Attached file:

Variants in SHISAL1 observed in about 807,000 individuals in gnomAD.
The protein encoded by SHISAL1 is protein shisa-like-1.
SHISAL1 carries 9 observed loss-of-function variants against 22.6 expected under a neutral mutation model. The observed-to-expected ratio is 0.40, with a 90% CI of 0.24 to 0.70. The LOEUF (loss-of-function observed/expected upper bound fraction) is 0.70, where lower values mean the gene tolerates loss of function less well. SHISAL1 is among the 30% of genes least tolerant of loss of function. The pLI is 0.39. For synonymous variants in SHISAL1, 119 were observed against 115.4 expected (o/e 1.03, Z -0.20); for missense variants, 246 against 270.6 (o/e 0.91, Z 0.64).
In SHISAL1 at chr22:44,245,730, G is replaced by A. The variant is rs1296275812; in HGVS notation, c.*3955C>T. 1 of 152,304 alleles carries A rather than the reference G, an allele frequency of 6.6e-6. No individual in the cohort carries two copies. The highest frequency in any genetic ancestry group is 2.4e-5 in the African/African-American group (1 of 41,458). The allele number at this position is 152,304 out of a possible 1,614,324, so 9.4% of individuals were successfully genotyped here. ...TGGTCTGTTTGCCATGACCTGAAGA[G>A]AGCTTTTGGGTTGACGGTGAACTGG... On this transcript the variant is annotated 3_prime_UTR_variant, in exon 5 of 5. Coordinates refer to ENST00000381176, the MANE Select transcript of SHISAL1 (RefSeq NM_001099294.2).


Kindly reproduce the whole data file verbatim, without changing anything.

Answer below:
Variants in SHISAL1 observed in about 807,000 individuals in gnomAD.
The protein encoded by SHISAL1 is protein shisa-like-1.
SHISAL1 carries 9 observed loss-of-function variants against 22.6 expected under a neutral mutation model. The observed-to-expected ratio is 0.40, with a 90% CI of 0.24 to 0.70. The LOEUF (loss-of-function observed/expected upper bound fraction) is 0.70, where lower values mean the gene tolerates loss of function less well. SHISAL1 is among the 30% of genes least tolerant of loss of function. The pLI is 0.39. For synonymous variants in SHISAL1, 119 were observed against 115.4 expected (o/e 1.03, Z -0.20); for missense variants, 246 against 270.6 (o/e 0.91, Z 0.64).
In SHISAL1 at chr22:44,245,730, G is replaced by A. The variant is rs1296275812; in HGVS notation, c.*3955C>T. 1 of 152,304 alleles carries A rather than the reference G, an allele frequency of 6.6e-6. No individual in the cohort carries two copies. The highest frequency in any genetic ancestry group is 2.4e-5 in the African/African-American group (1 of 41,458). The allele number at this position is 152,304 out of a possible 1,614,324, so 9.4% of individuals were successfully genotyped here. ...TGGTCTGTTTGCCATGACCTGAAGA[G>A]AGCTTTTGGGTTGACGGTGAACTGG... On this transcript the variant is annotated 3_prime_UTR_variant, in exon 5 of 5. Coordinates refer to ENST00000381176, the MANE Select transcript of SHISAL1 (RefSeq NM_001099294.2).